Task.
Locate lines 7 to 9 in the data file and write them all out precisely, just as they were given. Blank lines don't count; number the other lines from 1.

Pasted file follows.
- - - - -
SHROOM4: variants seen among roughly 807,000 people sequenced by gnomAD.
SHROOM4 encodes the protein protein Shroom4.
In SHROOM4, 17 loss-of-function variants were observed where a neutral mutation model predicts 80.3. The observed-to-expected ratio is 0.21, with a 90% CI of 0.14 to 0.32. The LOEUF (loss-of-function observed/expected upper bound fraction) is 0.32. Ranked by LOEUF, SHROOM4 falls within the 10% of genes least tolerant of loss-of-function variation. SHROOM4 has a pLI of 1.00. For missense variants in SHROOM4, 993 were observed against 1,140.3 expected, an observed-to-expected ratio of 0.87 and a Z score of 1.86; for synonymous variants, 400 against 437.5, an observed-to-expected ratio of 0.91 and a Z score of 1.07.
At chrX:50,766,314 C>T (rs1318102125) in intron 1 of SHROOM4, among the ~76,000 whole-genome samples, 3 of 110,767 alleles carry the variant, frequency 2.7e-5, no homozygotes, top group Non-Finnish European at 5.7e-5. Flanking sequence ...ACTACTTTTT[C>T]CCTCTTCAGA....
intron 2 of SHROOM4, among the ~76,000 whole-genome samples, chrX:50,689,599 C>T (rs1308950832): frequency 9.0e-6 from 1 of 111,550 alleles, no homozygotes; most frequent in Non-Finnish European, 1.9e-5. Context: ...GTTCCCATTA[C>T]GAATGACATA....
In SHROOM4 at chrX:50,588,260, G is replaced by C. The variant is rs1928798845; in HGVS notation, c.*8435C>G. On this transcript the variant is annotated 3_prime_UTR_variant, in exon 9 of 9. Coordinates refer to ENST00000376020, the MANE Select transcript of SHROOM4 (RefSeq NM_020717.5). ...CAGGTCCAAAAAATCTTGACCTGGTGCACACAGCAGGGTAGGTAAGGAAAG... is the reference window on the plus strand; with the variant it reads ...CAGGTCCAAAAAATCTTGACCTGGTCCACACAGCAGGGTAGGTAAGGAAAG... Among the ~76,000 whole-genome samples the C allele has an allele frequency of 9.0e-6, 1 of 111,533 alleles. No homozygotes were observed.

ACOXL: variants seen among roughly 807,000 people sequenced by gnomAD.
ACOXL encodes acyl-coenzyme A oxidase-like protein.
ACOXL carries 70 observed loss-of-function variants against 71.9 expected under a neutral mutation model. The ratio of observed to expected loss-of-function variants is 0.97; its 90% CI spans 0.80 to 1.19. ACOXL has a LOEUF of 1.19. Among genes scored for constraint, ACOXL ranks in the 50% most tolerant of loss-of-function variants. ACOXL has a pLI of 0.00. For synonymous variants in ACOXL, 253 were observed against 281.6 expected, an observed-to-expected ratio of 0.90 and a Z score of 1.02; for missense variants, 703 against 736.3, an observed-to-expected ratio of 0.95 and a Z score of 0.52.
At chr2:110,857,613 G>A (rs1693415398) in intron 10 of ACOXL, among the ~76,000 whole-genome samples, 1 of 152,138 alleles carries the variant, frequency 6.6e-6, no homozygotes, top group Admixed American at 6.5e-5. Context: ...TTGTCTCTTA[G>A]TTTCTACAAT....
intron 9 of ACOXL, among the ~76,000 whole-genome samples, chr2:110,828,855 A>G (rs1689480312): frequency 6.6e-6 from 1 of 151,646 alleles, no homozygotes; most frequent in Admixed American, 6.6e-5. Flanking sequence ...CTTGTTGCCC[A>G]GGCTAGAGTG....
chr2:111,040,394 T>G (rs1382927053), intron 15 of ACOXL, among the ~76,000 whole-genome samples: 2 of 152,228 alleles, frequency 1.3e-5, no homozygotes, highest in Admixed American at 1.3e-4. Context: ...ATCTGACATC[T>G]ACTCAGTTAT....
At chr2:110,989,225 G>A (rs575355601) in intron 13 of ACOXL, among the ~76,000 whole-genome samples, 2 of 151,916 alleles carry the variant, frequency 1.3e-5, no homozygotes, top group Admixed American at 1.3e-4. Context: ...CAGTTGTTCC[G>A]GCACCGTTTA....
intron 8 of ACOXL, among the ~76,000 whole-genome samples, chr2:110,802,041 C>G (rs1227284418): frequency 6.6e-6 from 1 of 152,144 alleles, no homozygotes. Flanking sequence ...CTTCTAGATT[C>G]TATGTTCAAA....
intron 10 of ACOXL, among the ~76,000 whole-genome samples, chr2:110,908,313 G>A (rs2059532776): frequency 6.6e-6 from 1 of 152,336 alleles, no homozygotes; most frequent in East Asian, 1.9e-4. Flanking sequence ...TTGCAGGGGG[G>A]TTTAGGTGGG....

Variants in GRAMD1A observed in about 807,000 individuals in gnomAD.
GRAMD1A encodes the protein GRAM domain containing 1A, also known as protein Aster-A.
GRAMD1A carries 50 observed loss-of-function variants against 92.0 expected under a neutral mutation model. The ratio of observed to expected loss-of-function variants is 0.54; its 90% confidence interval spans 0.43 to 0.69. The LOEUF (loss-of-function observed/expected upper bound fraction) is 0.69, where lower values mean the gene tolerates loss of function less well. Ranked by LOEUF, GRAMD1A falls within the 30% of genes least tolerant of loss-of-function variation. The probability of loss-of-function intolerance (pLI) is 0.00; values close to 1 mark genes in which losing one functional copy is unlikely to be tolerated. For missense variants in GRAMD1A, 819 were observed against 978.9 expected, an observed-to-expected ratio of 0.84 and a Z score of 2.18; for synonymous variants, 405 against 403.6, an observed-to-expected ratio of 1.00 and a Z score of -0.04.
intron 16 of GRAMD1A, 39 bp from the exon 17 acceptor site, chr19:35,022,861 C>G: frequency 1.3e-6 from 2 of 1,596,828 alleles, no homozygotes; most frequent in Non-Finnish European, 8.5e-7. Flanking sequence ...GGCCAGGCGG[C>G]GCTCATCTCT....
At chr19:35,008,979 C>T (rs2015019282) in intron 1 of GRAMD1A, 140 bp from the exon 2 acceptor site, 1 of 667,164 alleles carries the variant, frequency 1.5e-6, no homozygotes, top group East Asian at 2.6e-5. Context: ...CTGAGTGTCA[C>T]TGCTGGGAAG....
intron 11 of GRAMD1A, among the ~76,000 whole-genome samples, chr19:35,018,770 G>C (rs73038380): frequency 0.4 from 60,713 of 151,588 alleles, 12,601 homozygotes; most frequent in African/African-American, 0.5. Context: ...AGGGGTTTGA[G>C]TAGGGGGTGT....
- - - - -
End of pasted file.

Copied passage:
ACOXL: variants seen among roughly 807,000 people sequenced by gnomAD.
ACOXL encodes acyl-coenzyme A oxidase-like protein.
ACOXL carries 70 observed loss-of-function variants against 71.9 expected under a neutral mutation model. The ratio of observed to expected loss-of-function variants is 0.97; its 90% CI spans 0.80 to 1.19. ACOXL has a LOEUF of 1.19. Among genes scored for constraint, ACOXL ranks in the 50% most tolerant of loss-of-function variants. ACOXL has a pLI of 0.00. For synonymous variants in ACOXL, 253 were observed against 281.6 expected, an observed-to-expected ratio of 0.90 and a Z score of 1.02; for missense variants, 703 against 736.3, an observed-to-expected ratio of 0.95 and a Z score of 0.52.